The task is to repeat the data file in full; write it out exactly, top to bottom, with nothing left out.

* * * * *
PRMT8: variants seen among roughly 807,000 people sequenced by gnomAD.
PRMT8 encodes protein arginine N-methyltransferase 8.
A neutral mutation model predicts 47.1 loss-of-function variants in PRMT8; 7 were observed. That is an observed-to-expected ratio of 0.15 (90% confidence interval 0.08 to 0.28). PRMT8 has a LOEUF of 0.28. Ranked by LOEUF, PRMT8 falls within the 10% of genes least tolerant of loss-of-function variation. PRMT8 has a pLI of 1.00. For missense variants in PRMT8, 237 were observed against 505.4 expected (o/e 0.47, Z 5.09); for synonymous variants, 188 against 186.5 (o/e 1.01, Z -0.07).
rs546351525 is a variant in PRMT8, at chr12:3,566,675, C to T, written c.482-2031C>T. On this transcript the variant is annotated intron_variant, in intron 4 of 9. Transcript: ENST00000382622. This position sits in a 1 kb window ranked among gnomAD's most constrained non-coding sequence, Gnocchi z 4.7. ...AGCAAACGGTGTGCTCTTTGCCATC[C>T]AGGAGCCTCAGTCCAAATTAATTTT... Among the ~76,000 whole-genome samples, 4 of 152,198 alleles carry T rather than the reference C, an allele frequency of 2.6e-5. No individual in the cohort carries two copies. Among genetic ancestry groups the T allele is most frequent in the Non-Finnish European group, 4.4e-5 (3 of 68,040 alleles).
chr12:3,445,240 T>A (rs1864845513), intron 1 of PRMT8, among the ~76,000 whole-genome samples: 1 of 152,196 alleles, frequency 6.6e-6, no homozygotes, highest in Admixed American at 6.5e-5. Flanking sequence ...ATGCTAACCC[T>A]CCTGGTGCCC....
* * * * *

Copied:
PRMT8: variants seen among roughly 807,000 people sequenced by gnomAD.
PRMT8 encodes protein arginine N-methyltransferase 8.
A neutral mutation model predicts 47.1 loss-of-function variants in PRMT8; 7 were observed. That is an observed-to-expected ratio of 0.15 (90% confidence interval 0.08 to 0.28). PRMT8 has a LOEUF of 0.28. Ranked by LOEUF, PRMT8 falls within the 10% of genes least tolerant of loss-of-function variation. PRMT8 has a pLI of 1.00. For missense variants in PRMT8, 237 were observed against 505.4 expected (o/e 0.47, Z 5.09); for synonymous variants, 188 against 186.5 (o/e 1.01, Z -0.07).
rs546351525 is a variant in PRMT8, at chr12:3,566,675, C to T, written c.482-2031C>T. On this transcript the variant is annotated intron_variant, in intron 4 of 9. Transcript: ENST00000382622. This position sits in a 1 kb window ranked among gnomAD's most constrained non-coding sequence, Gnocchi z 4.7. ...AGCAAACGGTGTGCTCTTTGCCATC[C>T]AGGAGCCTCAGTCCAAATTAATTTT... Among the ~76,000 whole-genome samples, 4 of 152,198 alleles carry T rather than the reference C, an allele frequency of 2.6e-5. No individual in the cohort carries two copies. Among genetic ancestry groups the T allele is most frequent in the Non-Finnish European group, 4.4e-5 (3 of 68,040 alleles).
chr12:3,445,240 T>A (rs1864845513), intron 1 of PRMT8, among the ~76,000 whole-genome samples: 1 of 152,196 alleles, frequency 6.6e-6, no homozygotes, highest in Admixed American at 6.5e-5. Flanking sequence ...ATGCTAACCC[T>A]CCTGGTGCCC....